loan (n.) Look up loan at Dictionary.com
mid-13c., from Old Norse lan, related to lja "to lend," from Proto-Germanic *laikhwniz (source also of Old Frisian len "thing lent," Middle Dutch lene, Dutch leen "loan, fief," Old High German lehan, German Lehn "fief, feudal tenure"), originally "to let have, to leave (to someone)," from PIE *leikw- "to leave" (see relinquish).

The Norse word also is cognate with Old English læn "gift," which did not survive into Middle English, but its derived verb lænan is the source of lend. As a verb, loan is attested from 1540s, perhaps earlier, and formerly was current, but has now been supplanted in England by lend, though it survives in American English.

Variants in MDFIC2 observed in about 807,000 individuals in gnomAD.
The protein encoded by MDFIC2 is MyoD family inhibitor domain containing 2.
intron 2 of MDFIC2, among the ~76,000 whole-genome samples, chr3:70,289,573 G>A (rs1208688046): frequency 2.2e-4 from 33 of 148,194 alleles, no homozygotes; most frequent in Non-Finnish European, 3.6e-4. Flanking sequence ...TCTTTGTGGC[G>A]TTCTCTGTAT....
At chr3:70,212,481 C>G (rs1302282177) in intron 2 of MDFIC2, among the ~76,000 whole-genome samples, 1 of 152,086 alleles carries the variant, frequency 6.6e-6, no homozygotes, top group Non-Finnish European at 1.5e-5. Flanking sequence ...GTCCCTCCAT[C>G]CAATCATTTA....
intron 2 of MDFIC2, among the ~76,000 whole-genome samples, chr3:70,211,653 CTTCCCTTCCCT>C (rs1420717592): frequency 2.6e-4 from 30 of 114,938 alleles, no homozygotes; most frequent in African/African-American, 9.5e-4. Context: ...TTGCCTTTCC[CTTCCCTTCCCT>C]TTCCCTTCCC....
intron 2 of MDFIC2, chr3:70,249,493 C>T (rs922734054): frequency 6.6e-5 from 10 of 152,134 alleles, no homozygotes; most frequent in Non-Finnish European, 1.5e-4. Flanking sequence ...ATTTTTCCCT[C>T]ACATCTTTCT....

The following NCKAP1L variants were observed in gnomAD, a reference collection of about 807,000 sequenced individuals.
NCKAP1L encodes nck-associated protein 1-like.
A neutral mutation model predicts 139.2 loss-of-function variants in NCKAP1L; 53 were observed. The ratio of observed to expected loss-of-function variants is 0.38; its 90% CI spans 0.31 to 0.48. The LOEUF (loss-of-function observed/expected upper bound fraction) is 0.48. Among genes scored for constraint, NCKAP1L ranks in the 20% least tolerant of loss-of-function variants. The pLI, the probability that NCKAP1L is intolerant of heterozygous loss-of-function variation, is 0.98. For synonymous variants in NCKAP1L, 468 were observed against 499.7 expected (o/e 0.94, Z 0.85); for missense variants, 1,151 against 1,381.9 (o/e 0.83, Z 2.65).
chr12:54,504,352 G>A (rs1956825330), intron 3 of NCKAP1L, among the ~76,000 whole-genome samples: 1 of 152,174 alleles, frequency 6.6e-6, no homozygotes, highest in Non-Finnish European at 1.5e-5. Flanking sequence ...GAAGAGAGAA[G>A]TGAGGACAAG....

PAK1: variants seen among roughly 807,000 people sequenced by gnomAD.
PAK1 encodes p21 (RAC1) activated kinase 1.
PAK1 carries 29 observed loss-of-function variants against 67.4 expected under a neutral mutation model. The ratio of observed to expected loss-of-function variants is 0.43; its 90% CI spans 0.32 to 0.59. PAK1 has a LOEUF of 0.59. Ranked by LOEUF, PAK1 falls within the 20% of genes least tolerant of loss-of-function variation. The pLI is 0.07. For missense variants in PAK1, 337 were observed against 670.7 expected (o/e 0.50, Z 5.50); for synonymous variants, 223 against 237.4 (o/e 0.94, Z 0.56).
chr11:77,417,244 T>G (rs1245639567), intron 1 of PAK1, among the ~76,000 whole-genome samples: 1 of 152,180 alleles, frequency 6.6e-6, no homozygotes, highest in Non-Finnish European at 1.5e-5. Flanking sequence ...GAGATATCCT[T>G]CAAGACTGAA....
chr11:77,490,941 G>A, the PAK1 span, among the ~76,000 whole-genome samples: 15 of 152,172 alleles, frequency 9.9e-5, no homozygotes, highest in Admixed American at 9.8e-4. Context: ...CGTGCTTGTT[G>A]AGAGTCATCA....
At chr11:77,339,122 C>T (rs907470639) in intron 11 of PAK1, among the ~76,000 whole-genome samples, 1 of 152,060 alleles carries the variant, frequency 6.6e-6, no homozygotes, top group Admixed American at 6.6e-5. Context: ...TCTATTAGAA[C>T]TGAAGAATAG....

Loan word (1874) is a translation of German Lehnwort; loan-translation "word or phrase that has been translated literally from another language and which keeps its original connotation" is attested by 1933, from German Lehnübersetzung. Slang loan shark first attested 1900.